No, that’s not a narcissistic expression. Look carefully, and you will notice it’s an ambigram. If you turned the lettering upside down, it’ll still read my name. The creator is the talented Balaji. His blog of ambigrams says, “Ambigrams are words of symmetry.They look the same when read upside down also.There are many types of ambigrams.I try to make ambigrams that look the same when rotated and ambigrams that read the same even on a mirror.”
Balaji is passionate about creating ambigrams and does them free of cost if you request him. Do check him out.
26 thoughts on “Mirror Thy Name”
That’s the coolest thing I’ve ever seen. That poor guy is about to get buried with requests.
Thank you for sharing thatI do like Indian, Arabic & Oriental caligraphy, but I think hindu and sanskrit do lend themselves more to ambigrams.So what would your namebe in english?
What a cool ambigram! Such an unexpected surprise. Looks great. Me wants!!! 😛
Isn’t it cool, Matt? Since the time I saw these, I have been fascinated with ambigrams. Quasar, thanks for dropping by my blog. 🙂 That’s an interesting observation you make about Hindu and Sanskrit names. Bhaswati is a feminine derivative of Bhaskar, meaning sun. So my name means sunshine or radiance. Go ahead and get your own, Cesar! Would love to see how yours turns out. Bernita, thanks 🙂
Very cool. I first saw this done in Dan Brown’s Angels and Demons. Not a big fan of Brown (I never even read the Divinci Code), but I did like the ambigrams.
That is really cool! I want one! Matt D.’s right – that guy’s gonna get buried!Thanks for stopping by my site!!
I did hear about the Angels and Demons ambigrams, Oni. Would like to see what they look like. Thanks, Kelly! It will be interesting to see what yours looks like.
Hi Bhaswati,This is really creative and beautiful! I went to the site to request my name to be done too.
I immediately thought of Angels and Demons also! Very, very cool. 😀
Thanks, Simran! I can’t wait to see what yours looks like. With a name so beautiful, I am sure the ambigram would be no less pretty :)Thank you, Jason :)Esther, aren’t these interesting?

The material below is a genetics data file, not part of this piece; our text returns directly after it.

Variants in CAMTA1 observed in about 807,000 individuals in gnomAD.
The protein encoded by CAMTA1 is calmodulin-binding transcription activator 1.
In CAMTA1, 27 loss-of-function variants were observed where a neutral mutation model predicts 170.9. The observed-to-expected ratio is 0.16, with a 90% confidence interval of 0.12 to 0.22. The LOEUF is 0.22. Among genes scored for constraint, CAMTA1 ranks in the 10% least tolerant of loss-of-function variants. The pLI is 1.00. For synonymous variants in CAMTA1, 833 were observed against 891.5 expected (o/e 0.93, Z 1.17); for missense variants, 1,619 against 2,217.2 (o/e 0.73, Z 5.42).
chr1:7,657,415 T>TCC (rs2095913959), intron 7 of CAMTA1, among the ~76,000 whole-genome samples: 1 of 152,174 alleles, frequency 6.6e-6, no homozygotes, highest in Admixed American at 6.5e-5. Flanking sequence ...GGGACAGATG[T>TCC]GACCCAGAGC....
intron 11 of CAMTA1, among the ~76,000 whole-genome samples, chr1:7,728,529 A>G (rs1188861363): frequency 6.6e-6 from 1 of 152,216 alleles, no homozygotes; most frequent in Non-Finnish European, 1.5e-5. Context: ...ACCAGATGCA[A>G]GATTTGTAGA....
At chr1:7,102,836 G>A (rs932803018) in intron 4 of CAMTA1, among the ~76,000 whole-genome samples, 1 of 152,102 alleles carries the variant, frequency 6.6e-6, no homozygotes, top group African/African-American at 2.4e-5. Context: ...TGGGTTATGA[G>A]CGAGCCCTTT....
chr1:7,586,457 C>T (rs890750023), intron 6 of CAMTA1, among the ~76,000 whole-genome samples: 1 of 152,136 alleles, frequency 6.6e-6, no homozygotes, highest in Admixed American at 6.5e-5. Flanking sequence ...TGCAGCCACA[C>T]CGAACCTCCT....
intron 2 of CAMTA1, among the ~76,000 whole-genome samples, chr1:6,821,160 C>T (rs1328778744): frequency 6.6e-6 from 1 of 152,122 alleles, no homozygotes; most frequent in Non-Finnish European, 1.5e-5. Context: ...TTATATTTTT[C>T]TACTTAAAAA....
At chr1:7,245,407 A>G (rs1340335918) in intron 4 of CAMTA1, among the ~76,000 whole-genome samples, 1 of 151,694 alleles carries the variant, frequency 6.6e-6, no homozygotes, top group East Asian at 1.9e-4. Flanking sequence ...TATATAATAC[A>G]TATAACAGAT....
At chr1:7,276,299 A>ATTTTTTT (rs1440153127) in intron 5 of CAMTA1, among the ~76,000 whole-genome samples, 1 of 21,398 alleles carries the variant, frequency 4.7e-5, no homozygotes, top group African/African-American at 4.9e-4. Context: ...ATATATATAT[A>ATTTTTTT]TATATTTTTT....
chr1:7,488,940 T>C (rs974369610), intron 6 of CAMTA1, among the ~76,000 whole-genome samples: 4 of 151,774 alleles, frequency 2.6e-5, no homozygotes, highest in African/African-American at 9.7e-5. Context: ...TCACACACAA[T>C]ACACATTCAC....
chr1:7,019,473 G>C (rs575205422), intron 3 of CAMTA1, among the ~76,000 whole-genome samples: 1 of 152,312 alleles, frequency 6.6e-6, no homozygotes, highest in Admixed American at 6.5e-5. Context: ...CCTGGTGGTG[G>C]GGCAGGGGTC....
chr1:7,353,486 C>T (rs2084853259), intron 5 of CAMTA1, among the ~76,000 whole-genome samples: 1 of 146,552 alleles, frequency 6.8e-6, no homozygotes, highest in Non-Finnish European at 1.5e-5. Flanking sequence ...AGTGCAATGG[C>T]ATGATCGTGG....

I just finished reading “Angels & Demons”! Other than the sixth ambigram, I didn’t feel as though the first five couldn’t be all that hard to forge!
You all have got me so intrigued about the Angels and Demons ambigrams, Yoda. I have to see them now!
Where do you find these kinds of things? You and Flood find the coolest links.
We lay serious emphasis on goofing off, Scott 😉 Don’t know if Flood will kill me for this. LOLI really don’t remember how I chanced upon Balaji’s blog. But when I did, I was bowled over. I had no idea what an ambigram was until then.
Very interesting! Thanks for sharing this. 🙂
Here is the best one (sixth in the book).
That’s is sooo cool. Thanks for sharing!
Glad to share, Jeff :)Yoda, thanks, buddy! That’s an amazing ambigram. My pleasure, South 🙂
Bhas, I don’t have a suitable comment for this post so I’ll look forward to your next one.love
Vanessa, thanks!Susan, always glad to see you drop by 🙂
nice shining ambigrams, just like a sun 😉 yup, ambigrams is such a great art isn’t it 😉 i’m learnin’ how to do it lately 😛
Welcome to my blog, Efendi :)Good for you to be learning the art of ambigram making. Will keep hopping to your blog to check often. By the way, I like the Efendi recipe 😉
Before I read your entry I didn’t even know an ambigram was called an ambigram but I researched it a little bit, I looked at the website you mentioned but I also had a look at the wordplay website which I actually got to by clicking on someone else’s comment. I had a look around and it has some tips on how to go about making your own ambigram: http://www.johnlangdon.net/adviceonambigrams.htmlSo I had a go and I’ve been making my own ambigrams. My favourite is the one I made for Juanita but my own one comes a close second. Anyways, I just thought I’d share.